Åke Blomqvist is health-policy scholar at the C. D. Howe Institute and an adjunct research professor at Carleton University.
Until a few years ago, the main concern in the Canadian debate over health policy was how to control costs. When provinces managed to restrain health-care spending growth to an average rate below that of the economy as a whole (since 2010), that concern subsided somewhat; we had "bent the cost curve" and things seemed to be under control. But as a devastating pair of reports in The Globe and Mail makes clear, the cost-cutting in health care is threatening to make a mockery of the claim that access to health care in Canada does not depend on ability to pay.
As wait times even for things like urgently needed orthopedic and eye surgery become impossibly long, there are more and more desperate patients who are paying out of their own pockets for privately supplied treatment. In most cases, the waiting lists under the public plans are not caused by a shortage of specialist doctors, but by insufficient access to operating room (OR) slots in provincially funded hospitals. Clamping down on private clinics will not shorten these waiting lists – it will make them longer. If the provinces want to get rid of the waiting lists, they must give the hospitals more money so they can pay for more OR nurses. Unless the system is operated more efficiently, aggregate costs cannot be reduced without compromising access or quality of care.
In the current system of health financing, provinces are caught in a bind. Doctors and hospital employees in Canada have done well for themselves: They are in a good position when bargaining with the provincial governments whose plans are supposed to be the only legitimate providers of hospital and physician services, and who cannot afford strikes that would close down the system. The only way governments can effectively control total spending is by cutting back on the growth of hospital funding, which is what they have done since 2010. But these cuts have forced the hospitals to cut back on staff, which has ultimately caused the scarcity of OR slots and other services the public needs.
How can we avoid waiting lists without losing control over health-care costs? Provinces can try to control rates of pay more effectively by outlawing strikes of doctors or hospital workers, but they may then have to offer them binding arbitration instead (the current negotiating position of the Ontario Medical Association). Arbitrated settlements also tend to be costly, as arbitrators take the view that the government's ability to pay is essentially unlimited (since they can always raise taxes).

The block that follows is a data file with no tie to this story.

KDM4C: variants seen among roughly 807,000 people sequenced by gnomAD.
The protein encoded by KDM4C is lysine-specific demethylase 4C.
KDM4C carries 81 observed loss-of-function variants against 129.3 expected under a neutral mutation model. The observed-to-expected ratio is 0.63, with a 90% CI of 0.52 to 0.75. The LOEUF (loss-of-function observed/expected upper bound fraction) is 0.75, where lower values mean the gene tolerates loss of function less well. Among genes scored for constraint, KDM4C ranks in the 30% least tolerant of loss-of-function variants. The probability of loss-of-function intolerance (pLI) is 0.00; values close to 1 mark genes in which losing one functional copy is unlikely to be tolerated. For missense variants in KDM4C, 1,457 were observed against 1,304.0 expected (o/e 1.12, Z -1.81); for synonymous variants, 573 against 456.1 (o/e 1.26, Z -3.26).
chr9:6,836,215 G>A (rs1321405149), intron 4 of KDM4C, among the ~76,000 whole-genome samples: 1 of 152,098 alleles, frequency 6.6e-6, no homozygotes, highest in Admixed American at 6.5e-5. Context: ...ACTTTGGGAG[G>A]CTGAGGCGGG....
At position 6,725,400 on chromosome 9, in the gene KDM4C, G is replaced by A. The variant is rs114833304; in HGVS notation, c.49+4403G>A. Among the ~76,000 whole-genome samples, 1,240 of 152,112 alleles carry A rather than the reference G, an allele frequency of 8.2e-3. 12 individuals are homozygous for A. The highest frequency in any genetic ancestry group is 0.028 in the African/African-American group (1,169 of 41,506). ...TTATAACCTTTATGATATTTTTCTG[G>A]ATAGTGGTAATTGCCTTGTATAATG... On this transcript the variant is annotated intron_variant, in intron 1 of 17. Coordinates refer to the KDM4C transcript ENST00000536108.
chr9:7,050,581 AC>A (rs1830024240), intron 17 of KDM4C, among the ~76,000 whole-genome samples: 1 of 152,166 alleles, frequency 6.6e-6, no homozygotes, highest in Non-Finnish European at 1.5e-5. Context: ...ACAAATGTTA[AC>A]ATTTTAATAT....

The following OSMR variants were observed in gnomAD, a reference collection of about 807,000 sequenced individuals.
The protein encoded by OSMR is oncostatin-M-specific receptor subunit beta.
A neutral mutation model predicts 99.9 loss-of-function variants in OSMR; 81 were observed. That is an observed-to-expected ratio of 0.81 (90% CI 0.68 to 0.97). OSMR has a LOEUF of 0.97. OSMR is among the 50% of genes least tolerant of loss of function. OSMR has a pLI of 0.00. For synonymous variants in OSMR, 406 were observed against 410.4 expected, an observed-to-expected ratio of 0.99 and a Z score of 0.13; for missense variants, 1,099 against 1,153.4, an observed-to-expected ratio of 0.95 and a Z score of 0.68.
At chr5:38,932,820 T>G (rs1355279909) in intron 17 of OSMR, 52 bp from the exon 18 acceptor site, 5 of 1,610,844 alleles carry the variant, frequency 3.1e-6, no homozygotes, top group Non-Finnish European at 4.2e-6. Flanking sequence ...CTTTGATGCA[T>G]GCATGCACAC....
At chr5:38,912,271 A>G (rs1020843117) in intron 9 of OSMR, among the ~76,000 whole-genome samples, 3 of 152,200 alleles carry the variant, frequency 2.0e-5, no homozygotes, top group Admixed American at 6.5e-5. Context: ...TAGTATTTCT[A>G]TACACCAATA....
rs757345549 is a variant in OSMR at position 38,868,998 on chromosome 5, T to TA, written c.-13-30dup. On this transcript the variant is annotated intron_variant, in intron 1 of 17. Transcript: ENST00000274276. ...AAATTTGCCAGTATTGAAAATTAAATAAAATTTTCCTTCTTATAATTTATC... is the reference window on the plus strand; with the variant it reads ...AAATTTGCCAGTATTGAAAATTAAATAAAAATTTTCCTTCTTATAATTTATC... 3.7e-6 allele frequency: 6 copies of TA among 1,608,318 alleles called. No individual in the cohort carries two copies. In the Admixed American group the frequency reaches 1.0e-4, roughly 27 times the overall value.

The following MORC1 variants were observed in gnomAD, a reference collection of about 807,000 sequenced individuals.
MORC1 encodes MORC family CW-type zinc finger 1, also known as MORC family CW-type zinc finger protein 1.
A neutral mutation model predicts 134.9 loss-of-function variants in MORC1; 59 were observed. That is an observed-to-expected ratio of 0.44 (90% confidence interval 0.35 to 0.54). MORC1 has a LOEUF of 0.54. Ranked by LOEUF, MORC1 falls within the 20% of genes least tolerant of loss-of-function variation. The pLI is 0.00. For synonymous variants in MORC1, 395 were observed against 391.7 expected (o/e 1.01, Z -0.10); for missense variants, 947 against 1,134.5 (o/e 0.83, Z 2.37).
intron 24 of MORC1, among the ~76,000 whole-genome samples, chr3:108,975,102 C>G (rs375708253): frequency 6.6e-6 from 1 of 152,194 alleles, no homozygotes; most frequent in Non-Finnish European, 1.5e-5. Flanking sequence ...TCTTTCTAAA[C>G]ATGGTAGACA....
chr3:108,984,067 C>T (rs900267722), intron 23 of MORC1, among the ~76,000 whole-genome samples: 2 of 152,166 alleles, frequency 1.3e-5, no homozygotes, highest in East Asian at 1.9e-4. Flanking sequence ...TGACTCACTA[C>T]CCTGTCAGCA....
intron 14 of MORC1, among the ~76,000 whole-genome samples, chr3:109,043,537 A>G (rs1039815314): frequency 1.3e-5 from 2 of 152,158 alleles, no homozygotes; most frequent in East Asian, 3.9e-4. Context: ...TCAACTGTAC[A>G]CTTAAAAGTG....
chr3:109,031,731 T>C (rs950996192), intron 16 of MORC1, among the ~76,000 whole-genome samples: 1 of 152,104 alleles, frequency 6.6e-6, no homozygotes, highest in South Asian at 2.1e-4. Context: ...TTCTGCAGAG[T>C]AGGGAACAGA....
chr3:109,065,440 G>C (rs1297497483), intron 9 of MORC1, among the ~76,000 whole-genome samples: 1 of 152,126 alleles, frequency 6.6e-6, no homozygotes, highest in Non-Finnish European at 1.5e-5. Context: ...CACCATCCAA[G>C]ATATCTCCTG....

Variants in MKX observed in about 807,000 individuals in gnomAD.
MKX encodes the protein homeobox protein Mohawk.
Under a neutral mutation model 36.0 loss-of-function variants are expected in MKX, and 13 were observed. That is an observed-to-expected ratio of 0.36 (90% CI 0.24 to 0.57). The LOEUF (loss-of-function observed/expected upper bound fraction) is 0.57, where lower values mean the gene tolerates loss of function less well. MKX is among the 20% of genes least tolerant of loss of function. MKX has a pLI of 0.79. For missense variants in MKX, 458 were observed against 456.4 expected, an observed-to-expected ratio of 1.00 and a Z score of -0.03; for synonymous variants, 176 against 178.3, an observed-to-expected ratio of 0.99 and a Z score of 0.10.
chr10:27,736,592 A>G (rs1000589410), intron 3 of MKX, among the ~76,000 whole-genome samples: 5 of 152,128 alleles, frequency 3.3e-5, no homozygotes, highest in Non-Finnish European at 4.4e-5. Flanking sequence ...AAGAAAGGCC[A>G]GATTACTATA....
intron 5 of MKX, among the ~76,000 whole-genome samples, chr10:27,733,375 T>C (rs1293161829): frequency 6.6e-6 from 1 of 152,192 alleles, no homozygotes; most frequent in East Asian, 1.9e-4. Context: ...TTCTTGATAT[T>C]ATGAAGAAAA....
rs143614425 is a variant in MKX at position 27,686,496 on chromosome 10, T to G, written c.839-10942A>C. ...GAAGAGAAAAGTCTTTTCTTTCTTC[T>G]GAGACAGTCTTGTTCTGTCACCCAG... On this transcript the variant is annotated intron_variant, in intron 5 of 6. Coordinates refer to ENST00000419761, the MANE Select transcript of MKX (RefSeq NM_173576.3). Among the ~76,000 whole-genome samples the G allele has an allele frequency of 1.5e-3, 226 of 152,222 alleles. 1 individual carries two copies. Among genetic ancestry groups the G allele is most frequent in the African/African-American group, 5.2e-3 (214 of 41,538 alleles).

Alternatively, governments could relax the rules that currently make it illegal for doctors to supply their services privately, outside the provincial plans. This is not the same as allowing "double-dipping," the practice of charging extra for services that are supplied under the public plans. In other countries where privately financed care co-exists with universal public plans – the U.K. and Australia are examples – such extra billing is not allowed, and in Canada, a province that allows it is subject to federal penalties under the Canada Health Act.
But there is no double-dipping when privately supplied care is paid entirely out of patients' own pockets, or through their private insurance. So provinces could continue to outlaw double-dipping, but abolish the current rules that essentially outlaw any form of privately supplied care. Everyone would win from such a change: The patients who received faster private treatment; young doctors with no OR slots who now could practice their specialty; those on the public-sector waiting lists that would become shorter. Many Canadians remain opposed to any form of private care on principle, of course, but the arguments in favour of allowing at least some public-private competition seem compelling.
The Globe and Mail reports have been greeted with a familiar Canadian response: We don't need to change the system, we only need to muster the "political will" to fix it with better management. But in our single-payer (monopoly) systems, provider groups have a strong bargaining position not only in negotiating their own rates of pay and working conditions, but also when it comes to blocking innovation and reforms that they perceive as inimical to their interests.
The political will to manage health-care resources efficiently may never be forthcoming, unless we allow effective competition from private alternatives. Other countries have done so, without compromising the ideal of universal access. It is time for us to do the same.